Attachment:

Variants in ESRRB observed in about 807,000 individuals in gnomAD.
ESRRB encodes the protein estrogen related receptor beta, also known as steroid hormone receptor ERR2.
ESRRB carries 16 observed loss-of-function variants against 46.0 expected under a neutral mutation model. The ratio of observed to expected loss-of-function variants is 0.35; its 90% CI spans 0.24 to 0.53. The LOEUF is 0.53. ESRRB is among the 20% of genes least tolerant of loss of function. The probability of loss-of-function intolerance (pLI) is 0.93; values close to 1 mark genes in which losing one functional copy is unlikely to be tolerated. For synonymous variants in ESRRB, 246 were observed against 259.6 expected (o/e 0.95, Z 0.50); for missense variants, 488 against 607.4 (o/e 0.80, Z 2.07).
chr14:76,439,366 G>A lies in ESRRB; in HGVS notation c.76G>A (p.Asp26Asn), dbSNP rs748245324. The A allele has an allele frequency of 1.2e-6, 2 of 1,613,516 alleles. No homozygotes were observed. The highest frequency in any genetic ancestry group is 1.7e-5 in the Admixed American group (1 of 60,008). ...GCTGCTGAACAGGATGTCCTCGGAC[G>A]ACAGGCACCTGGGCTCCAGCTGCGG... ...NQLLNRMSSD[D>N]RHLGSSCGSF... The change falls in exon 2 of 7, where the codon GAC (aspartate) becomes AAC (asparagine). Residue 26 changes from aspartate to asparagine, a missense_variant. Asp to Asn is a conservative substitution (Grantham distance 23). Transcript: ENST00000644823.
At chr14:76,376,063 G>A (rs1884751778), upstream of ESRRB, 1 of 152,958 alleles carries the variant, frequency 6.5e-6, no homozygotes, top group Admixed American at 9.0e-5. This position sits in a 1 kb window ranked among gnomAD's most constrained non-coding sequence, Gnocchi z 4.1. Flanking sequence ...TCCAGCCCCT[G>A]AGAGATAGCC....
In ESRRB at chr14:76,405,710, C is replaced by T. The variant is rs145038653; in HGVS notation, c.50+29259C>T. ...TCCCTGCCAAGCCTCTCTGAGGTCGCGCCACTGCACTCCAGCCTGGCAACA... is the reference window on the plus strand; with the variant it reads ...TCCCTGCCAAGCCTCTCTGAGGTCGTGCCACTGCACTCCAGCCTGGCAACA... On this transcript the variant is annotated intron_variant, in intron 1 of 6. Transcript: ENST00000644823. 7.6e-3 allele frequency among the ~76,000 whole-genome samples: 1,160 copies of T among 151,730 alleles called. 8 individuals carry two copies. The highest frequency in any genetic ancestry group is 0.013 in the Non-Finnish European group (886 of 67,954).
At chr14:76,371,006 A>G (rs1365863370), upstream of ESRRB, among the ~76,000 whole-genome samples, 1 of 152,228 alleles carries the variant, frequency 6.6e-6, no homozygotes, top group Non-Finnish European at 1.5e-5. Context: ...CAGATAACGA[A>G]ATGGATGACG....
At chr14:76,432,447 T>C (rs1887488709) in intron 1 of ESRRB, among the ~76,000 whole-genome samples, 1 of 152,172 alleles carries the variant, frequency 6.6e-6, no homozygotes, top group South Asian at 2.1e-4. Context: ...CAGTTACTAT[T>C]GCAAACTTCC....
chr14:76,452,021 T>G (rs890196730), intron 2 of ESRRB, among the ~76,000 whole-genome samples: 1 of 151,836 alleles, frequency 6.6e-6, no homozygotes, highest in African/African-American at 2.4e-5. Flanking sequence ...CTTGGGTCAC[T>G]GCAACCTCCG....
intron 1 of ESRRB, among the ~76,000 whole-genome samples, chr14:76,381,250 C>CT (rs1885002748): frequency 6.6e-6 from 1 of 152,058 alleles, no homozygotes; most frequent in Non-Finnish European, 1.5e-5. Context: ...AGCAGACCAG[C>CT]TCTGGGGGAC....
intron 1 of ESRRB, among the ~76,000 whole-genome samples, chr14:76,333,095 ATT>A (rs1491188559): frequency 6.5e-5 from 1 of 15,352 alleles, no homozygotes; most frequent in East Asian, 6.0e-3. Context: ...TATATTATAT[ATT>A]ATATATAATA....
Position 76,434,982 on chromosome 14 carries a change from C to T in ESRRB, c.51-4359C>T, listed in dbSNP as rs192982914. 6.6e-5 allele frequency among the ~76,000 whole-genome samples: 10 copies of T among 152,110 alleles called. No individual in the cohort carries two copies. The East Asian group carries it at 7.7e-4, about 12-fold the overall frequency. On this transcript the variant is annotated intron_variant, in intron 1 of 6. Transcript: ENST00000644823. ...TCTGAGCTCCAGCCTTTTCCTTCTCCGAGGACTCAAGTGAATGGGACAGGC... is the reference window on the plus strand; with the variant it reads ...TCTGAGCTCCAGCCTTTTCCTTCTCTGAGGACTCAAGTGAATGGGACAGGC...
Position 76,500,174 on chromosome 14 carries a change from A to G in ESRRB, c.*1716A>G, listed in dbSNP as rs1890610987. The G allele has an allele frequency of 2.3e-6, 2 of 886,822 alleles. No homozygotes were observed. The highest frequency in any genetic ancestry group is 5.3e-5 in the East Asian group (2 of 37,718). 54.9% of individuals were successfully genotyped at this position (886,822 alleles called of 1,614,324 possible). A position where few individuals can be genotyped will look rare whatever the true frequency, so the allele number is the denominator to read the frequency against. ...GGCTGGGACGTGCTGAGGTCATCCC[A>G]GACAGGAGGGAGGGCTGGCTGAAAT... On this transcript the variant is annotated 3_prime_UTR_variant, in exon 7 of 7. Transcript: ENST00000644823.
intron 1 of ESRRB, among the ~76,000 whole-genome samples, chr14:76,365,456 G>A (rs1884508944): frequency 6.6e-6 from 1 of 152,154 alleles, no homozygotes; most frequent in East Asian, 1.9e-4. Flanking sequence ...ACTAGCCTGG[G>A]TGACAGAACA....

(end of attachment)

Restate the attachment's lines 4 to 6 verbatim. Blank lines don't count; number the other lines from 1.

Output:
chr14:76,439,366 G>A lies in ESRRB; in HGVS notation c.76G>A (p.Asp26Asn), dbSNP rs748245324. The A allele has an allele frequency of 1.2e-6, 2 of 1,613,516 alleles. No homozygotes were observed. The highest frequency in any genetic ancestry group is 1.7e-5 in the Admixed American group (1 of 60,008). ...GCTGCTGAACAGGATGTCCTCGGAC[G>A]ACAGGCACCTGGGCTCCAGCTGCGG... ...NQLLNRMSSD[D>N]RHLGSSCGSF... The change falls in exon 2 of 7, where the codon GAC (aspartate) becomes AAC (asparagine). Residue 26 changes from aspartate to asparagine, a missense_variant. Asp to Asn is a conservative substitution (Grantham distance 23). Transcript: ENST00000644823.
At chr14:76,376,063 G>A (rs1884751778), upstream of ESRRB, 1 of 152,958 alleles carries the variant, frequency 6.5e-6, no homozygotes, top group Admixed American at 9.0e-5. This position sits in a 1 kb window ranked among gnomAD's most constrained non-coding sequence, Gnocchi z 4.1. Flanking sequence ...TCCAGCCCCT[G>A]AGAGATAGCC....
In ESRRB at chr14:76,405,710, C is replaced by T. The variant is rs145038653; in HGVS notation, c.50+29259C>T. ...TCCCTGCCAAGCCTCTCTGAGGTCGCGCCACTGCACTCCAGCCTGGCAACA... is the reference window on the plus strand; with the variant it reads ...TCCCTGCCAAGCCTCTCTGAGGTCGTGCCACTGCACTCCAGCCTGGCAACA... On this transcript the variant is annotated intron_variant, in intron 1 of 6. Transcript: ENST00000644823. 7.6e-3 allele frequency among the ~76,000 whole-genome samples: 1,160 copies of T among 151,730 alleles called. 8 individuals carry two copies. The highest frequency in any genetic ancestry group is 0.013 in the Non-Finnish European group (886 of 67,954).